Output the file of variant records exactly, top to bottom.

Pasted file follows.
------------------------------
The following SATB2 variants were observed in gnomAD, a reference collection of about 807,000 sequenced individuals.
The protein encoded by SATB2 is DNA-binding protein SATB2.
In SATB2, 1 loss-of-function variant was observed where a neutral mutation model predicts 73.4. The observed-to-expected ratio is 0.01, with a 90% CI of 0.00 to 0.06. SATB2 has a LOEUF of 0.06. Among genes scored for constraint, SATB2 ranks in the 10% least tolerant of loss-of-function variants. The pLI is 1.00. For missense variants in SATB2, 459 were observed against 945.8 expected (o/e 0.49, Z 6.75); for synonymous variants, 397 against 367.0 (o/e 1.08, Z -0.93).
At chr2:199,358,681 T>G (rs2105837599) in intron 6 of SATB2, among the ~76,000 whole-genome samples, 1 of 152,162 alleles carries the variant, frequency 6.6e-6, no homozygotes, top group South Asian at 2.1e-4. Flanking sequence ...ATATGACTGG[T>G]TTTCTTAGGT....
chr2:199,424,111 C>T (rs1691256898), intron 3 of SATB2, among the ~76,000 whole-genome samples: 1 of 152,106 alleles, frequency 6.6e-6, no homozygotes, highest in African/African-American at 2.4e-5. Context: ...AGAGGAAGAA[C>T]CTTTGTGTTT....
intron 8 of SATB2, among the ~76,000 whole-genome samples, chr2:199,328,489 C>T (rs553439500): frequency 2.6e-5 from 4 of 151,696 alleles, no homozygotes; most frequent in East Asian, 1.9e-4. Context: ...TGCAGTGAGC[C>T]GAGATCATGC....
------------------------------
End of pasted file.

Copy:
The following SATB2 variants were observed in gnomAD, a reference collection of about 807,000 sequenced individuals.
The protein encoded by SATB2 is DNA-binding protein SATB2.
In SATB2, 1 loss-of-function variant was observed where a neutral mutation model predicts 73.4. The observed-to-expected ratio is 0.01, with a 90% CI of 0.00 to 0.06. SATB2 has a LOEUF of 0.06. Among genes scored for constraint, SATB2 ranks in the 10% least tolerant of loss-of-function variants. The pLI is 1.00. For missense variants in SATB2, 459 were observed against 945.8 expected (o/e 0.49, Z 6.75); for synonymous variants, 397 against 367.0 (o/e 1.08, Z -0.93).
At chr2:199,358,681 T>G (rs2105837599) in intron 6 of SATB2, among the ~76,000 whole-genome samples, 1 of 152,162 alleles carries the variant, frequency 6.6e-6, no homozygotes, top group South Asian at 2.1e-4. Flanking sequence ...ATATGACTGG[T>G]TTTCTTAGGT....
chr2:199,424,111 C>T (rs1691256898), intron 3 of SATB2, among the ~76,000 whole-genome samples: 1 of 152,106 alleles, frequency 6.6e-6, no homozygotes, highest in African/African-American at 2.4e-5. Context: ...AGAGGAAGAA[C>T]CTTTGTGTTT....
intron 8 of SATB2, among the ~76,000 whole-genome samples, chr2:199,328,489 C>T (rs553439500): frequency 2.6e-5 from 4 of 151,696 alleles, no homozygotes; most frequent in East Asian, 1.9e-4. Context: ...TGCAGTGAGC[C>T]GAGATCATGC....